Read the story of how the Canal & River Trust came to be
Work for us
We have vacancies across all of our waterways and in the offices, museums and attractions that support them. We're one of the UK's biggest charities and we take pride in everything we do
If you're thinking of getting in touch then please take a moment to look through these pages as we probably have the answer on our website
Planning & design
All you need to know about planning and design on our canals and rivers
Find a winter mooring
Find a cosy section of canal to hunker down in this winter
10 reasons to take up canoeing
It's a great way to get fit and explore our waterways at the same time
Share the Space
Take a look at our common sense guide to sharing the towpath
Find a place to fish
From reservoirs to club-managed canals and river stretches - find your nearest place to fish
Get your free guide
Download your free guide today and start exploring the waterway nature near you
Download your free guides
You've nine free days out guides to choose from - where will you go first?
Find a walk near you
Are you ready to ramble? Find a waterside stroll or a satisfying hike along our beautiful canals and rivers
Take a look at our upcoming events here.
Find your favourite waterway
With over 95 canals, rivers, reservoirs, docks and navigations, find out more about your favourite waterway
Something for everyone
Help us make a difference and have fun along the way. Find your perfect volunteer role today
Join our team
Could you join your local Towpath Taskforce team and help us to keep our canals looking lovely?
Desmond Family Canoe Trail
If you're aged 16-25 and would like to get involved with this exciting project, please get in touch
Could you be a volunteer lock keeper?
Find out what's involved with this popular volunteering opportunity
Why we think canals are better with Friends
Become a Friend of the Canal & River Trust today and you’ll open yourself up to new experiences and endless opportunities.
We love and care for your canals and rivers, because everyone deserves a place to escape.
To mark Armistice Day we have been investigating the connections between war and the waterways, and the impact that war had on the people, places and heritage of our canals and rivers.
Here, the heritage team share their stories of how war has left its mark on our canals and rivers. Above is a short film which offers insights into how canals were adapted to meet a new purpose in dangerous times.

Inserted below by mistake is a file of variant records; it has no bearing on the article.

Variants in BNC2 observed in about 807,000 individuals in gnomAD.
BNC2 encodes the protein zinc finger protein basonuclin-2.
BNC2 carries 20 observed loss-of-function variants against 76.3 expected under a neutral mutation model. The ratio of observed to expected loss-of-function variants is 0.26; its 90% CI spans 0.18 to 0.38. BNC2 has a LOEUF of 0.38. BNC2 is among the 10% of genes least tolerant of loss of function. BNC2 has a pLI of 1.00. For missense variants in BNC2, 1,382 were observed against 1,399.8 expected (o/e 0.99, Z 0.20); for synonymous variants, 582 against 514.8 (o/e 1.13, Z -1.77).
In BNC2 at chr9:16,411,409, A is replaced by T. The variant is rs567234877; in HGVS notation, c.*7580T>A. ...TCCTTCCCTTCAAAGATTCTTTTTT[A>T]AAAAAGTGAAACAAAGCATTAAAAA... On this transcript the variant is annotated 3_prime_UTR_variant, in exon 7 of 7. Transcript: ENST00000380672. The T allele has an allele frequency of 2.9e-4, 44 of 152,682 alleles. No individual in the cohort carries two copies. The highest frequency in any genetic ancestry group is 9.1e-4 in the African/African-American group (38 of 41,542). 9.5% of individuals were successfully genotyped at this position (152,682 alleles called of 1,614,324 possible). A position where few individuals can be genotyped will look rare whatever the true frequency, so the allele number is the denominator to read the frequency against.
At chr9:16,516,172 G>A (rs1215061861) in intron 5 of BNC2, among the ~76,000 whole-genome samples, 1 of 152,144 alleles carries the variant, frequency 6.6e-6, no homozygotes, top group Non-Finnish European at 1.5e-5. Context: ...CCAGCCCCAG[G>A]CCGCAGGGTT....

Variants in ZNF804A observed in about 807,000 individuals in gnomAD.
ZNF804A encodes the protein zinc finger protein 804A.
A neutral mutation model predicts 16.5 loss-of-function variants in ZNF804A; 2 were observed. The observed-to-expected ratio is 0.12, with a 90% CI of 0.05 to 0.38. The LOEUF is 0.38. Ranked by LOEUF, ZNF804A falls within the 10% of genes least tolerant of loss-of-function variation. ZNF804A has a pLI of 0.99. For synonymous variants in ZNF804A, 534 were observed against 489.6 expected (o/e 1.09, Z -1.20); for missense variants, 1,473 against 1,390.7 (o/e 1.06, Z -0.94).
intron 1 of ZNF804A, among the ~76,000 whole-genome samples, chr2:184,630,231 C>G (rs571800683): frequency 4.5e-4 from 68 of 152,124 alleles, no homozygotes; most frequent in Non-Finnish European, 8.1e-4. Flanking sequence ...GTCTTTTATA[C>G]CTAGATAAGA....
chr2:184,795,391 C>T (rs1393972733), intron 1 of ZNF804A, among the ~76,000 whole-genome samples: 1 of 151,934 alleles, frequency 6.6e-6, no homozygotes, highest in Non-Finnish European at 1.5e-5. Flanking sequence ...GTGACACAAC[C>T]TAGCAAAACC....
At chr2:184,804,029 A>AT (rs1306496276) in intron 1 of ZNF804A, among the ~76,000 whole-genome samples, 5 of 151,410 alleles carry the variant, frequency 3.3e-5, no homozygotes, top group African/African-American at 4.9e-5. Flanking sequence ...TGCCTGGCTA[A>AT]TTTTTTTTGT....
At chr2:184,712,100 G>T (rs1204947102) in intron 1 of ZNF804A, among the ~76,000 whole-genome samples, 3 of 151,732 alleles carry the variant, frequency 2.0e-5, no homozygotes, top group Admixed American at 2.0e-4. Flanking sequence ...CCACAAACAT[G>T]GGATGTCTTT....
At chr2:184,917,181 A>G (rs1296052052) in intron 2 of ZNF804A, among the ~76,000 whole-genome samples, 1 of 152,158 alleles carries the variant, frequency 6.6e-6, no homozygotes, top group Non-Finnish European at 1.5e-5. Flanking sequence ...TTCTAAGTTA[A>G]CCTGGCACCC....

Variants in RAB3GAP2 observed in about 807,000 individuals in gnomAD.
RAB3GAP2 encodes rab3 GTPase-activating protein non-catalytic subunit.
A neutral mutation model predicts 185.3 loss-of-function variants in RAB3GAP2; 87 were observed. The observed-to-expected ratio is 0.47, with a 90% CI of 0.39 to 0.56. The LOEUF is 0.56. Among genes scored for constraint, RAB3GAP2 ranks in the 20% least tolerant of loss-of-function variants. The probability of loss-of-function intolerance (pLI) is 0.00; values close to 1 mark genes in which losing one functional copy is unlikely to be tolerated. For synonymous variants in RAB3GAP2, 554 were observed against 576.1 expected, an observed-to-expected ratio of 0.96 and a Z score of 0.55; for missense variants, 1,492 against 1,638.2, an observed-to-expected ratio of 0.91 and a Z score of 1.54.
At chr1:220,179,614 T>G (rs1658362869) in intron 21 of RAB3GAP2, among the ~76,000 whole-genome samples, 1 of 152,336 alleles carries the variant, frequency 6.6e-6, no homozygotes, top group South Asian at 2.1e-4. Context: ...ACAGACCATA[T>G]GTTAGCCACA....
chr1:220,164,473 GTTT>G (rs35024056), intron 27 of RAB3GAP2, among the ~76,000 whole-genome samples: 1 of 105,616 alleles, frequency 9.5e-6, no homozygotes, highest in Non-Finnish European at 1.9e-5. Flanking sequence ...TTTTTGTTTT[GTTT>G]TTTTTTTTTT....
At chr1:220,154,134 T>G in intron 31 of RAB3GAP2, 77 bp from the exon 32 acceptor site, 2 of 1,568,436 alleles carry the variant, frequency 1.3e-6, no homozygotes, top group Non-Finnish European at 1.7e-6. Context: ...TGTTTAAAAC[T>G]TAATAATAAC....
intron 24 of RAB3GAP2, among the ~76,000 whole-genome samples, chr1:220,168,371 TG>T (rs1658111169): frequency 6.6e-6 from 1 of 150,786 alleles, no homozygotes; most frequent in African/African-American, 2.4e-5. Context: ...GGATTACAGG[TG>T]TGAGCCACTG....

Read more below about how the 'Idle Women' volunteered to carry vital supplies through our waterways.
The Inland Waterways Women volunteered to operate canal barges carrying vital supplies through the country’s waterway network
Homeland defences and the waterways became one and the same thing in wartime. We take a look at the building of anti-tank measures, pill boxes and stop gates. The recent discovery of air raid shelters in a Smethwick canal embankment serves as reminder of how significant industrial manufacturing was to the war effort, as well as the need for protection in the work place.
Remains of a World War Two pillbox were unearthed close to the Grand Union Canal in East London.
Troops and transport
Find out how the canals helped to mobilise troops during wartime
Hedgehog on the Kennet & Avon
This peaceful canal could have been crucial to the freedom of Britain in World War Two
Evidence of wartime heritage can be found all around the country. It's often a case of knowing where to look.
When we remember that millions of men and women served, fought and died in two world wars it is hard to comprehend the scale of loss. Here we have a few stories and memorials that remind us of the individual lives and sacrifices made.
Ellesmere Yard, Shropshire: wartime recollections
Our heritage volunteer Chris Chambers, gives a small insight into the men and women who worked at Ellesmere Yard as they answered the call to arms in 1914.
We remember them
War memorials can be found all over Britain. We look at one honouring men from the Aire & Calder Navigation
War memorial rescued
Find out how a tribute to 36 canal company men was recently rescued and preserved for future generations
We work to safeguard the heritage of our waterways and to share it with others. Our canal network was built as a commercial transportation system and has since changed significantly. Though old purposes are overtaken by new demands, we can find innovative ways of reusing historic structures to ensure they have a function that can be sustained long into the future.
Our waterways now serve a thriving leisure, residential and tourism sector and much of their attraction lies in the layers of history they continue to represent.
From pillbox to bat cave
We have converted more than one pillbox into accommodation for flying residents
The story of Tame Aqueduct
The Tame Aqueduct is an inconspicuous structure but a heritage treasure.
Last date edited: 24 January 2018